Welcome to NYU's Computer Science Department, part of the world-famous Courant Institute of Mathematical Sciences. Our department has considerably expanded over the past few years, adding many outstanding faculty with diverse research interests. We are proud of our strong research and educational connections to other departments and schools at NYU, including the departments of Mathematics, Chemistry, Physics, and Biology; the Center for Neural Science; the Stern School of Business; the Tisch School of the Arts; the Wagner School of Public Service; and the NYU School of Medicine.

Our undergraduate majors and MS students have numerous interesting and well-paying employment opportunities at major corporations in New York City and vicinity. Our PhD graduates are employed in a broad spectrum of academic and industrial research positions.

  News and Highlights  

Sam Marateck

Prof. Sam Marateck passed away on January 14, after an illness of several months.

Sam taught for decades in the Computer Science department. He was a particularly well-loved teacher, deeply engaged with his many students.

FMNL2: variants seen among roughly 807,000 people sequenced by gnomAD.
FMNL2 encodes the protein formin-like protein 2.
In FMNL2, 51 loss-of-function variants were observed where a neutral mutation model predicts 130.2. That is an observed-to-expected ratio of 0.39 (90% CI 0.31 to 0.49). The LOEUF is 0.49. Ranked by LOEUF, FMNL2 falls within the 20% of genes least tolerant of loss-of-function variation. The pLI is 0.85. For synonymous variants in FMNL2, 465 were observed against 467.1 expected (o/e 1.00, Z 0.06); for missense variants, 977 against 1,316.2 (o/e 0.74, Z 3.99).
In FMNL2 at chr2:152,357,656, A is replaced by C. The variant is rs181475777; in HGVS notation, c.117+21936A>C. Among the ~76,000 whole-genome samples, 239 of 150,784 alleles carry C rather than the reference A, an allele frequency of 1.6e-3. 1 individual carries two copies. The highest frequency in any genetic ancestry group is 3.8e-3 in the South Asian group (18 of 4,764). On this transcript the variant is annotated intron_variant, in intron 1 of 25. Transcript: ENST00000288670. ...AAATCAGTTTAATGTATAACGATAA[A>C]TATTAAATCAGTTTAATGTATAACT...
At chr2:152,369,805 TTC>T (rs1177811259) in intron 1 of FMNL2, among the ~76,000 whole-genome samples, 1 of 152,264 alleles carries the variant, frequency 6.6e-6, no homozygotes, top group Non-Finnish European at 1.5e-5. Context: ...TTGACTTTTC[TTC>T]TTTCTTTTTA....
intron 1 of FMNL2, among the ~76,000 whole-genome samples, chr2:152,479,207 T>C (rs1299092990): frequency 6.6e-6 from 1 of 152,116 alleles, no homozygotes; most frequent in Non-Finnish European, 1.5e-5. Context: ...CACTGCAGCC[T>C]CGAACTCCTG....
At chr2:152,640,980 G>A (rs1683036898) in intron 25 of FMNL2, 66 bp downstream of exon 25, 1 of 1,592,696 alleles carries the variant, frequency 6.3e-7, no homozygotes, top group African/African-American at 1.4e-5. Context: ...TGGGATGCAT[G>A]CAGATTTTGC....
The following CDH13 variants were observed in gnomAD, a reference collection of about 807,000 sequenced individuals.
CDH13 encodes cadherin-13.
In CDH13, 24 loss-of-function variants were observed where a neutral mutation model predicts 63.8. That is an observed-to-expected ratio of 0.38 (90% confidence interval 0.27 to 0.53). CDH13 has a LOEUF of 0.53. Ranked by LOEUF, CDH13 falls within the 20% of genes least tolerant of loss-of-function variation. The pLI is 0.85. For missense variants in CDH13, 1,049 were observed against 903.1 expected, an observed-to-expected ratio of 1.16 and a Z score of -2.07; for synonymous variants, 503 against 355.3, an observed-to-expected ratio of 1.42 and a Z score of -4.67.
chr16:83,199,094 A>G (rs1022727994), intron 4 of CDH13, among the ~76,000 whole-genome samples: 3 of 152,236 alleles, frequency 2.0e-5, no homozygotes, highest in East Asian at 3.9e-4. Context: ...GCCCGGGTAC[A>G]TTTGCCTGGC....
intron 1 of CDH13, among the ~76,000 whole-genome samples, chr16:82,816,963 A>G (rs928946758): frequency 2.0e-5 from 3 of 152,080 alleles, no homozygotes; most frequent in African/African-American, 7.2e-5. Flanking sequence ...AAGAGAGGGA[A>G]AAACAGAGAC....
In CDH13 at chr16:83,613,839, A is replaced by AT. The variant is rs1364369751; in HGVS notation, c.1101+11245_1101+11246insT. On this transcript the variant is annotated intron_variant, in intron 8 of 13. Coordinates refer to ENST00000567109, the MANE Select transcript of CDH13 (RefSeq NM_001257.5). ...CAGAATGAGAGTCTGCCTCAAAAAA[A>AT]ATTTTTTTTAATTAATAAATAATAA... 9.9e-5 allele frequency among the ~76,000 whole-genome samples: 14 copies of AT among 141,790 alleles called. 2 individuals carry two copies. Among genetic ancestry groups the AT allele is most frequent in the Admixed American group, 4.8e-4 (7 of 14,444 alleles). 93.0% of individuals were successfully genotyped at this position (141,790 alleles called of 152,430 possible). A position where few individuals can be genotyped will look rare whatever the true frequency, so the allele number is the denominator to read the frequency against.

He will be fondly remembered and sadly missed. 


ACM Fellow

Dennis Shasha has been named a Fellow of the ACM. Congratulations! Link

NYU, Facebook to collaborate in new research lab for artificial intelligence and machine learning.

Facebook will be creating a new research lab focused on artificial intelligence and machine learning, with a branch at Astor Place, and with close ties to the Center for Data Science and to the Computer Science Department. Yann LeCun has been appointed as founding director of the lab.

Link: https://www.facebook.com/yann.lecun/posts/10151728212367143

Longuet-Higgins Prize

Rob Fergus has won the IEEE CVPR (Computer Vision and Pattern Recognition) Longuet-Higgins prize for his 2003 paper "Object Class Recognition by Unsupervised Scale-Invariant Learning" with Pietro Perona and Andrew Zisserman. The prize is awarded for "fundamental contributions in computer vision." Link